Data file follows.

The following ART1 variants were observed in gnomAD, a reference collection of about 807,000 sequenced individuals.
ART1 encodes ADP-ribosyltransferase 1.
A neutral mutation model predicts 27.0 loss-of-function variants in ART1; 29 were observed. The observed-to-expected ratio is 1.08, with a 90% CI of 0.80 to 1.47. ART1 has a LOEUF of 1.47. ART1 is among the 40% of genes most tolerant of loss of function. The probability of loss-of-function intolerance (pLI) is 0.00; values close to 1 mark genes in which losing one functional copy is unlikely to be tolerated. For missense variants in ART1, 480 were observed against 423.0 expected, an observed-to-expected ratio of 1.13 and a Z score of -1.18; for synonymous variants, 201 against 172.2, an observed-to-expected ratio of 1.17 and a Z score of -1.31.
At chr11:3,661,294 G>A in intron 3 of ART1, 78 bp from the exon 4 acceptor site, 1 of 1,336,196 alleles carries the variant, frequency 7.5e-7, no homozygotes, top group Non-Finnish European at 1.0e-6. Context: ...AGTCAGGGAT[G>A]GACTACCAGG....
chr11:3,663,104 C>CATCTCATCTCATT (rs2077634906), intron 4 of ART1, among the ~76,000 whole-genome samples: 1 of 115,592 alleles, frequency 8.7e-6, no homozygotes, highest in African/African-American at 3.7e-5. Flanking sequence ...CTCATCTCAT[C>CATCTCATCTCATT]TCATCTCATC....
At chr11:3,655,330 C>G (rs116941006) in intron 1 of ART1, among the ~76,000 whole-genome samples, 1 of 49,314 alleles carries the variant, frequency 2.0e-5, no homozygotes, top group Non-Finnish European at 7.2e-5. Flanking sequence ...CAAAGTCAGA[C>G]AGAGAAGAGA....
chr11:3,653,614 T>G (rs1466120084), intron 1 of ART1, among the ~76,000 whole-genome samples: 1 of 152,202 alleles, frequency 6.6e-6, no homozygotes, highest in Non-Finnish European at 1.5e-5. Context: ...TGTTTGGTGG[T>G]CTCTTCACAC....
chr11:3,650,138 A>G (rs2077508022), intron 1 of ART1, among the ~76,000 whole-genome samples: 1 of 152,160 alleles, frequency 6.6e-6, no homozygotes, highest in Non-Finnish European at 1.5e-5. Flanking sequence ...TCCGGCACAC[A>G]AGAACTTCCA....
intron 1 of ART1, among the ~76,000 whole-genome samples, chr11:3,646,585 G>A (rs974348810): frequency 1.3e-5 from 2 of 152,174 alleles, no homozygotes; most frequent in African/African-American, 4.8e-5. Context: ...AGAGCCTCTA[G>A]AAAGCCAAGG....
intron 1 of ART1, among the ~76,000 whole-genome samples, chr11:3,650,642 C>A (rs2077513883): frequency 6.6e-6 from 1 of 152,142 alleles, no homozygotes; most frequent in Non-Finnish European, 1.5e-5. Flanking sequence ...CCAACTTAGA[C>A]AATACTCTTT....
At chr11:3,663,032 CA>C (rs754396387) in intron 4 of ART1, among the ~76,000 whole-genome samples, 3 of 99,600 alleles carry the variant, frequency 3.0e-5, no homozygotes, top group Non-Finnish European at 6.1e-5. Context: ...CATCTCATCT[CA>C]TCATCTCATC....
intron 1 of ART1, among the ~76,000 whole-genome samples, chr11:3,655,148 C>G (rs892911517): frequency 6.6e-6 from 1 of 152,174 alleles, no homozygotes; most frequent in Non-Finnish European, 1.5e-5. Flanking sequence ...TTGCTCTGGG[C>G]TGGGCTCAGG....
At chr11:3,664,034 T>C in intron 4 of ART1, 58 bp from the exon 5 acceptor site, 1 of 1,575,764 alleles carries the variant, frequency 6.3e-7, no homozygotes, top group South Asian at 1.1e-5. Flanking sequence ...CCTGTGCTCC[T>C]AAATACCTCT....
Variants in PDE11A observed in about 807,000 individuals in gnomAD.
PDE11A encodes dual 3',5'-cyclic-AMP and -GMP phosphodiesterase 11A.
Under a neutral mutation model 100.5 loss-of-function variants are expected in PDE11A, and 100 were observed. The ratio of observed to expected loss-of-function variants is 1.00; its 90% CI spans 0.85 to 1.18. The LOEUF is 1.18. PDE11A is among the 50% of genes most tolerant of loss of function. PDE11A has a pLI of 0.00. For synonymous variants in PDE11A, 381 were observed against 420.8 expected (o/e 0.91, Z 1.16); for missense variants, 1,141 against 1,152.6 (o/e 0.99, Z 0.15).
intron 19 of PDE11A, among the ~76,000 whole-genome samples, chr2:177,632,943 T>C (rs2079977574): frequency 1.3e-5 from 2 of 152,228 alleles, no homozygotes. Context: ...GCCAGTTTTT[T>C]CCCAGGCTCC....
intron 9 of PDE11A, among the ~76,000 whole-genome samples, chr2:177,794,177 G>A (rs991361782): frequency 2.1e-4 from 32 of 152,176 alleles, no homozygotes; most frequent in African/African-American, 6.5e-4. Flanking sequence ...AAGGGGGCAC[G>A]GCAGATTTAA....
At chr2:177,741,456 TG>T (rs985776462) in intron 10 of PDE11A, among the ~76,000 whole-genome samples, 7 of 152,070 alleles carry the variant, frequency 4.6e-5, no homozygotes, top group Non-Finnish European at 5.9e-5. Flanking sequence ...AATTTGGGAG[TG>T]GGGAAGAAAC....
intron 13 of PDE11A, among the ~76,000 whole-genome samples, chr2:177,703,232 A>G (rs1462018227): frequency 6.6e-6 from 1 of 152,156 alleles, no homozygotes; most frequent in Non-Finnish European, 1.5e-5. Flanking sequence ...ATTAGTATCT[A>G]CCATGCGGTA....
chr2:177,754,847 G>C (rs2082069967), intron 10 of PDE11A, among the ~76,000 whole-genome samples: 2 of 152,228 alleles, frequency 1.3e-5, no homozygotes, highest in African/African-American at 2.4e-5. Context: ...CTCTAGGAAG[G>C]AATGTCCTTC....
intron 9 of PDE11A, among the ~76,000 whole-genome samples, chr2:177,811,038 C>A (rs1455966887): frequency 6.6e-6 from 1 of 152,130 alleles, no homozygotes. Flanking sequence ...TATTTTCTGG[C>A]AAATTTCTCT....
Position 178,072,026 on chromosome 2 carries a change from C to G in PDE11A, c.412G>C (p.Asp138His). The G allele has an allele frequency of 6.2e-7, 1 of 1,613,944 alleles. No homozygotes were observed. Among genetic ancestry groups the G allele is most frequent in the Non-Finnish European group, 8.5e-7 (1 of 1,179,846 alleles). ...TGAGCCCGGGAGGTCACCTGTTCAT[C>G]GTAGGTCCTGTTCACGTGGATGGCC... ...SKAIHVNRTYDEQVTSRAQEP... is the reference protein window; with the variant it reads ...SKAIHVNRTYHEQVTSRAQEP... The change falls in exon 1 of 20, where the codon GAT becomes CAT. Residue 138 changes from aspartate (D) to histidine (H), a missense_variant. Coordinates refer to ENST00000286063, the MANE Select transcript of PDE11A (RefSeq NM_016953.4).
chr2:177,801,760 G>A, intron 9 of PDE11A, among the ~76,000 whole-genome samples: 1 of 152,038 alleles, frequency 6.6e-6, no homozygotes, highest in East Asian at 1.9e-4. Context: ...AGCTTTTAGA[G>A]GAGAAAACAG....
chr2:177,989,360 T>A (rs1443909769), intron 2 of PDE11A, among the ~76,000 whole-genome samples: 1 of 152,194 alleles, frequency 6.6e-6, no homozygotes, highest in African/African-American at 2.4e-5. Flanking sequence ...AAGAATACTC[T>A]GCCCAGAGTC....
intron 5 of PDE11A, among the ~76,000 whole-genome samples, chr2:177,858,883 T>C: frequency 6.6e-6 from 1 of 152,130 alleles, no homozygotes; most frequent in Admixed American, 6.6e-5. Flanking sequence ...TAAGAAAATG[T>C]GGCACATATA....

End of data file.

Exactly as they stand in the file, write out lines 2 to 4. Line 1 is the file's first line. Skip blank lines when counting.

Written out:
ART1 encodes ADP-ribosyltransferase 1.
A neutral mutation model predicts 27.0 loss-of-function variants in ART1; 29 were observed. The observed-to-expected ratio is 1.08, with a 90% CI of 0.80 to 1.47. ART1 has a LOEUF of 1.47. ART1 is among the 40% of genes most tolerant of loss of function. The probability of loss-of-function intolerance (pLI) is 0.00; values close to 1 mark genes in which losing one functional copy is unlikely to be tolerated. For missense variants in ART1, 480 were observed against 423.0 expected, an observed-to-expected ratio of 1.13 and a Z score of -1.18; for synonymous variants, 201 against 172.2, an observed-to-expected ratio of 1.17 and a Z score of -1.31.
At chr11:3,661,294 G>A in intron 3 of ART1, 78 bp from the exon 4 acceptor site, 1 of 1,336,196 alleles carries the variant, frequency 7.5e-7, no homozygotes, top group Non-Finnish European at 1.0e-6. Context: ...AGTCAGGGAT[G>A]GACTACCAGG....